811.24 Raw Materials/111: Telegram

The Secretary of State to the Ambassador in the United Kingdom (Kennedy)

343. Department’s No. 330, May 4, 10 p.m. We recognize fully that you must have discretion to arrange the best possible deal with the British Government. In an effort to be helpful to you, we have been considering a number of points which must be dealt with in an agreement and, in consultation with the Department of Agriculture and the Maritime Commission, we offer the following suggestions on these points:

1. The Quantities to be Exchanged. Certainly as regards cotton we would be in a position to provide as large quantity as the British authorities might desire. Confidentially for your own information, the Secretary of Agriculture would like to provide up to 2,000,000 bales. The total amount of wheat we would be willing to supply is a matter that would have to be discussed further. We will be glad to [Page 242] have as much rubber and tin as can be procured by providing cotton. (Within the next few days we will discuss with the War and Navy Departments their preferences as to the division between rubber and tin).

2. Terms of Exchange. The price formulas suggested in Department’s No. 330 of May 4, or whatever price formulas may finally be agreed upon, can advantageously be regarded merely as a basis for determining the ratio of exchange between the quantities of the commodities involved.

The questions of arrangements for making the commodities available and of provisions for transporting them can then be dealt with separately. On these subjects we proffer the following suggestions:

3. Ports of Shipment and Destination. The agreement will presumably have to deal with the question of ports of shipment and destination for each commodity. The ports of shipment which suggest themselves are (a) in the case of cotton, Gulf and South Atlantic ports; (b) in the case of rubber, mainly Singapore; (c) in the case of tin, Singapore and Liverpool. The agreement would have to provide arrangements for handling the details of this question and be flexible enough to be practical.

The form in which we at present visualize the undertaking is that in the case of each commodity the commitment of the supplying government in this field would be to make the specified quantities available at the designated ports of shipment in conformity with whatever time schedule may be agreed upon.

4. Time Schedule. The entire amount of cotton could be made available almost immediately, and the time schedule could be based, therefore, on the speed with which the British Government would wish to receive it in the United Kingdom, and the practical necessities of the shipping situation. In the case of both rubber and tin, it seems to us essential that additional export quotas be arranged by the international control committees covering the amounts to be supplied to this country and that sufficient time be allowed for this additional production to meet these export quotas; a time schedule which would call for quantities available for shipment more rapidly than they could be produced might affect supplies available to the commercial market and tend to increase prices.

5. Division of the Carrying Business Between the Merchant Marines of the Two Countries. There can be no doubt but that the shipping interests of each country will wish to secure maximum participation in the transportation of the commodities to be exchanged. From the point of view of the American Merchant Marine, a fair arrangement would appear to be a fifty-fifty sharing of the tonnage of each commodity to be transported, although on this point the agreement should [Page 243] be elastic and provide for the adjustment of this general formula in the light of specific situations which might arise. The agreement should provide for consultation between the United States Maritime Commission and the corresponding British agency to effect the shipping arrangements and make the necessary adjustments. American lines now operate regularly from the Straits and are prepared to carry rubber and tin at going freight rates and on a regular schedule. Likewise, American lines operate from the Gulf to British ports, and are prepared to carry cotton. The agreement should stipulate that transportation should be provided at reasonable rates, no higher than going rates on such cargoes, and on a schedule which would occasion no unreasonable delay. It is believed that the prompt delivery of these stocks, on the time schedule arranged, would be a matter of importance to both governments, and that therefore, should it prove to be impossible to secure adequate tonnage at reasonable rates under the two flags, consideration should then be given to the limited use of vessels of other flags.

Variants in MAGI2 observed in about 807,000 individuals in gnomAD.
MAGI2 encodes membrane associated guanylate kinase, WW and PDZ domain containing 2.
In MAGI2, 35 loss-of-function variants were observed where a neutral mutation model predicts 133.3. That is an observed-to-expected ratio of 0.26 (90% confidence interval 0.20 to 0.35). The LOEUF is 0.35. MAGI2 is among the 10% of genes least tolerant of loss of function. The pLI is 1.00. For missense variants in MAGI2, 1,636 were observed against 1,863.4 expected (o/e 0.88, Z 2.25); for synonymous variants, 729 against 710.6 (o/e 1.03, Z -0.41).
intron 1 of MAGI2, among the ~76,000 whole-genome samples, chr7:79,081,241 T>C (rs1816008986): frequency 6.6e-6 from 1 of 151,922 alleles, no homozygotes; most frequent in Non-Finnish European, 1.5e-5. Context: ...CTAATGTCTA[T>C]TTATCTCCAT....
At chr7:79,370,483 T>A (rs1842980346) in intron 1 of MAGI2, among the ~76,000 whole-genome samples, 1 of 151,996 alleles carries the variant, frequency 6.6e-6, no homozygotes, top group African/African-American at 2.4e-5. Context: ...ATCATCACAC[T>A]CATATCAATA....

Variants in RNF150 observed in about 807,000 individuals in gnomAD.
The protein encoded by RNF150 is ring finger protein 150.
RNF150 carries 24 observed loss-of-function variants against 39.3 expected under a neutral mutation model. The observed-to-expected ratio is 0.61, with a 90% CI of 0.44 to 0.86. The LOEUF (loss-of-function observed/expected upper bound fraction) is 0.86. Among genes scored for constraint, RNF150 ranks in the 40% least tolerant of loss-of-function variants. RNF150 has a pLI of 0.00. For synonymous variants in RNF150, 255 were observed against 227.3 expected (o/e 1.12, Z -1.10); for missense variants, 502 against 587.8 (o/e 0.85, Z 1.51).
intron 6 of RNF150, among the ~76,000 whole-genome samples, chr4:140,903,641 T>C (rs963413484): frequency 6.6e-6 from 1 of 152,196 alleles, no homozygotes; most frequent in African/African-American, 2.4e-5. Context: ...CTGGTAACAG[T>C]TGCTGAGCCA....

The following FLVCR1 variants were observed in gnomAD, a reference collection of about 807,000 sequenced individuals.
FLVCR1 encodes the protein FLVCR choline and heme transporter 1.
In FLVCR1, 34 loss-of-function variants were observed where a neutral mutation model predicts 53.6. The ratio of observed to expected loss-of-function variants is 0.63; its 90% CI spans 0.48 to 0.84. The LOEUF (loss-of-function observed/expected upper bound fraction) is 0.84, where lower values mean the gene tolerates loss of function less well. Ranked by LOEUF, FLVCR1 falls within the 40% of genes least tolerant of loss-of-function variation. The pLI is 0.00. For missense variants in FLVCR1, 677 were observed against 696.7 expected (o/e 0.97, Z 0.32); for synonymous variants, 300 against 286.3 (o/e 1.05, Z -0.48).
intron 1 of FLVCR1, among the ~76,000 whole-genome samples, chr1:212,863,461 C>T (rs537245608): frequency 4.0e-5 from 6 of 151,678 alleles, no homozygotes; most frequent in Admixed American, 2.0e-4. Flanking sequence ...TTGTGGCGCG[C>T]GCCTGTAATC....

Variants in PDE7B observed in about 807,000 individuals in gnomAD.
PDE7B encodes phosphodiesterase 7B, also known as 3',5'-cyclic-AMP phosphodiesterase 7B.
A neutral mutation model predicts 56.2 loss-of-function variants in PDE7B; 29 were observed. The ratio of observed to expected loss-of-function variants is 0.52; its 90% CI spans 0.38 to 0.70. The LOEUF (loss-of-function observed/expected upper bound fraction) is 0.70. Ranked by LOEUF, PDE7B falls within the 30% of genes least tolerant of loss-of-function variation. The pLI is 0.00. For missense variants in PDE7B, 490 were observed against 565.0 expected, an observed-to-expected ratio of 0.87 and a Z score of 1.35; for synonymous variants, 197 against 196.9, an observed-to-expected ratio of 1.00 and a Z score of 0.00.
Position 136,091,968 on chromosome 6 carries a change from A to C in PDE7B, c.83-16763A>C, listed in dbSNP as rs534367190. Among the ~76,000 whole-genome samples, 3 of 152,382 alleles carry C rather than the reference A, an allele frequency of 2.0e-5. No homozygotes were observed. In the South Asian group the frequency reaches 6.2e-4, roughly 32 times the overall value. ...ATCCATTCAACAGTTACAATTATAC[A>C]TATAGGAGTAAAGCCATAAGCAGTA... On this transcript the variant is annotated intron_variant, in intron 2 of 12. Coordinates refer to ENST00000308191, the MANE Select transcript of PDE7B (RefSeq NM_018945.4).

6. Division of the Expenses of Transportation, Insurance, et cetera. As far as we can visualize the transaction now, these expenses would present a separable question, since they are likely to involve both governments in a separate outlay. It may prove in the course of your discussions that the question of agreeing upon a division of these expenses is best handled in connection with the determination of the price formula, or some wholly independent basis may be advisable. At this moment, therefore, the Department will not attempt to suggest any rigid basis of negotiation on this point. However, it appears highly advisable to keep in mind that Congress when considering the agreement is likely to have direct interest in this matter and that therefore the nearer we can come to seeing that the outlay of the American Government for shipping expenses goes to compensate American shipping, the more satisfactory the agreement will be from the point of view of Congress.